During Thursday’s news conference, OMB head Mick Mulvaney described the budget as “compassionate” when he was asked about cuts being made.
JIM ACOSTA: Just to follow up on that, you were talking about the steelworker in Ohio and the coal miner in Pennsylvania and so on, but those workers may have an elderly mother who depends on the Meals on Wheels program, who may have kids in Head Start. And yesterday or the day before, you described this as a “hard-power budget,” but is it also a hard-hearted budget?
MICK MULVANEY: No, I don’t think so. In fact, I think it’s—I think it’s probably one of the most compassionate things we can do to actually—you’re—
JIM ACOSTA: Cut programs that help the elderly and kids?
MICK MULVANEY: You’re only focusing on half of the equation, right? You’re focusing on recipients of the money. We’re trying to focus on both the recipients of the money and the folks who give us the money in the first place. And I think it’s fairly compassionate to go to them and say, “Look, we’re not going to ask you for your hard-earned money anymore.” Single mom of two in Detroit, OK? “Give us your money.” We’re not going to do that anymore, unless we can—unless we can—
JIM ACOSTA: And if the single mom has two kids—what if that single mom has two kids in Head Start?
MICK MULVANEY: —unless we can guarantee—please let me finish, please let me finish—unless we can guarantee to you that that monies actually be used in a proper function. And I think that is about as compassionate as you can get.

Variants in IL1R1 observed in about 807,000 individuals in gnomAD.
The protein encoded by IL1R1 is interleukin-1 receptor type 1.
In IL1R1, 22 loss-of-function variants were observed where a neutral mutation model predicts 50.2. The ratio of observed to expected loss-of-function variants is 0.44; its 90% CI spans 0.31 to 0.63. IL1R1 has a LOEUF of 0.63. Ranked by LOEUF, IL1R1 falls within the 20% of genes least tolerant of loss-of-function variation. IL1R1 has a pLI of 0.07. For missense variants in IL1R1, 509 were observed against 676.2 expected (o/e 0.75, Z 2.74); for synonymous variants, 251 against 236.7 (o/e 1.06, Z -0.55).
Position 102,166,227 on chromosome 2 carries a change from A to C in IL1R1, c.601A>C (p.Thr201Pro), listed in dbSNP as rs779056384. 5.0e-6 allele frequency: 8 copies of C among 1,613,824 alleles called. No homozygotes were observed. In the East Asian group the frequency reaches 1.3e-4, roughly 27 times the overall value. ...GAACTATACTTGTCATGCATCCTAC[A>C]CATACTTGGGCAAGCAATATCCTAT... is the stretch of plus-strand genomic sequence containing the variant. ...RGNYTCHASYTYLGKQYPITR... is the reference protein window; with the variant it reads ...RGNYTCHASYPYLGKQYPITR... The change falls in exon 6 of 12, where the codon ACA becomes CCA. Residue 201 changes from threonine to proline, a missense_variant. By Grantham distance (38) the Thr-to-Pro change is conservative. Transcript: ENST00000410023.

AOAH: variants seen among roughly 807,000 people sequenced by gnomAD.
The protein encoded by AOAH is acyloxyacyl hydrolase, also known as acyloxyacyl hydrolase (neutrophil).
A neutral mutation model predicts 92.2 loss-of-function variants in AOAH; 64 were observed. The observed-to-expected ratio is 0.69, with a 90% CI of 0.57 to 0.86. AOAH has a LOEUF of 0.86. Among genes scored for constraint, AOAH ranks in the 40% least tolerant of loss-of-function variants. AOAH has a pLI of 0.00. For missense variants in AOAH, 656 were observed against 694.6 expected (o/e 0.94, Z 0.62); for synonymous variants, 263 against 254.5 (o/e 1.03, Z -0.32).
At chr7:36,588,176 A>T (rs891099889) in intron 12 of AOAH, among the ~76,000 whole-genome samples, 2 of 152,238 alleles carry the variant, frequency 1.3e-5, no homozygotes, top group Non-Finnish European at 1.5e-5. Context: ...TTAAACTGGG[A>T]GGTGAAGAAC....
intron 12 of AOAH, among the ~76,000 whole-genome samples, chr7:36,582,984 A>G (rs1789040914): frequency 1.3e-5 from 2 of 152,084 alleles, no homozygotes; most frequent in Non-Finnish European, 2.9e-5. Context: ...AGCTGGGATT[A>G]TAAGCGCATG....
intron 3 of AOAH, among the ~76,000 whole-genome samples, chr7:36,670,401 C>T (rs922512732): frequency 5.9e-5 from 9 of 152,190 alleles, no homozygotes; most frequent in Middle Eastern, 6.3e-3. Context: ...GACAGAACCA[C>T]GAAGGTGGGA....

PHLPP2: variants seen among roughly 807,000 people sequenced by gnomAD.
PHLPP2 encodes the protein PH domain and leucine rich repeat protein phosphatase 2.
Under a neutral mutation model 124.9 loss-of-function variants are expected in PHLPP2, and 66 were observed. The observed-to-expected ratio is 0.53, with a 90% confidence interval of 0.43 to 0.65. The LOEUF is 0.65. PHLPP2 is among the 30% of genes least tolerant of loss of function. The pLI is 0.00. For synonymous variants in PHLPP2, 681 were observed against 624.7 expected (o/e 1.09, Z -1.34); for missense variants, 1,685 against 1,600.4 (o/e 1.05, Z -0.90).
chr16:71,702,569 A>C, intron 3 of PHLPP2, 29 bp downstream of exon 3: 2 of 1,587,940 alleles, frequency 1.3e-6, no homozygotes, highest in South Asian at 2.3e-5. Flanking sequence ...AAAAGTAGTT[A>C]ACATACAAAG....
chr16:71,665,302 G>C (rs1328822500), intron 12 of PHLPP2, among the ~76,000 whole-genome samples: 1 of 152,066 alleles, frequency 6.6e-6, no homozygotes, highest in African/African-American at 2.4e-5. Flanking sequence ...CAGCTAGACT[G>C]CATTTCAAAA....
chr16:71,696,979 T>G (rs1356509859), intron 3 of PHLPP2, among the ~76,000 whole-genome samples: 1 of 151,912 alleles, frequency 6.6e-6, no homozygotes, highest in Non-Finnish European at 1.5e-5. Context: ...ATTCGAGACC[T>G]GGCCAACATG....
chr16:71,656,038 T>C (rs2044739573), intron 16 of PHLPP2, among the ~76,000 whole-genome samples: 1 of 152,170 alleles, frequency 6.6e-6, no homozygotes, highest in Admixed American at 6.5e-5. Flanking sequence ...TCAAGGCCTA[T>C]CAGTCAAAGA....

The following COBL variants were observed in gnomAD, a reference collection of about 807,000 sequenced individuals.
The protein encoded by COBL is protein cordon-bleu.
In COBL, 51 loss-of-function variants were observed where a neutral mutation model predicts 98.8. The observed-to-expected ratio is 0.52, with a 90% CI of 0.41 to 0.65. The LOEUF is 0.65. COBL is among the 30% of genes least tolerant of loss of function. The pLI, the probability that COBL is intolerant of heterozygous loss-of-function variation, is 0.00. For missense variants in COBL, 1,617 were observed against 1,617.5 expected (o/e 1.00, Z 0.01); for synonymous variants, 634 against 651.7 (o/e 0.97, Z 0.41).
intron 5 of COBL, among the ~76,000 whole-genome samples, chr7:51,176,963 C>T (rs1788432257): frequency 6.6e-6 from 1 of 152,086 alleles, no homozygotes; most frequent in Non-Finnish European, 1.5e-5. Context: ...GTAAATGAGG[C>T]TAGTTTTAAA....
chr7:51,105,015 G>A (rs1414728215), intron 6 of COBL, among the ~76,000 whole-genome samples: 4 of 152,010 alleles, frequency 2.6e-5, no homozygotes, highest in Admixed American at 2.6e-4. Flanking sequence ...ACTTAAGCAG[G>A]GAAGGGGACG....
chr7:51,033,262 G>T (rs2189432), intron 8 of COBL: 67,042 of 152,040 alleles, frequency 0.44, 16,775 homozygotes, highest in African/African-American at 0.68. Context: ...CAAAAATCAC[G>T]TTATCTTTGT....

AMY GOODMAN: On Capitol Hill, House Minority Leader Nancy Pelosi responded to the budget proposal by accusing the Trump White House of attempting to deconstruct the federal government.
REP. NANCY PELOSI: This is a budget of the deconstruction of the federal government. They are deconstructionists. They have said that. I mean, they make no bones about that. They have—if one thing, listen to what they say. There is clarity. They want to deconstruct. In this case, you see what they’re doing in terms of infrastructure.
AMY GOODMAN: Pelosi appeared to be referencing a recent comment by White House chief Steve Bannon.
STEPHEN BANNON: I think if you look at the lines of work, I kind of break it up into three verticals or three buckets. The first is kind of national security and sovereignty, and that’s your intelligence, the Defense Department, homeland security. The second line of work is what I refer to as economic nationalism. The third, broadly, line of work is what is deconstruction of the administrative state.
AMY GOODMAN: To get response to Trump’s budget, we’ll, after the break, speak with longtime consumer advocate, four-time presidential candidate Ralph Nader. Stay with us.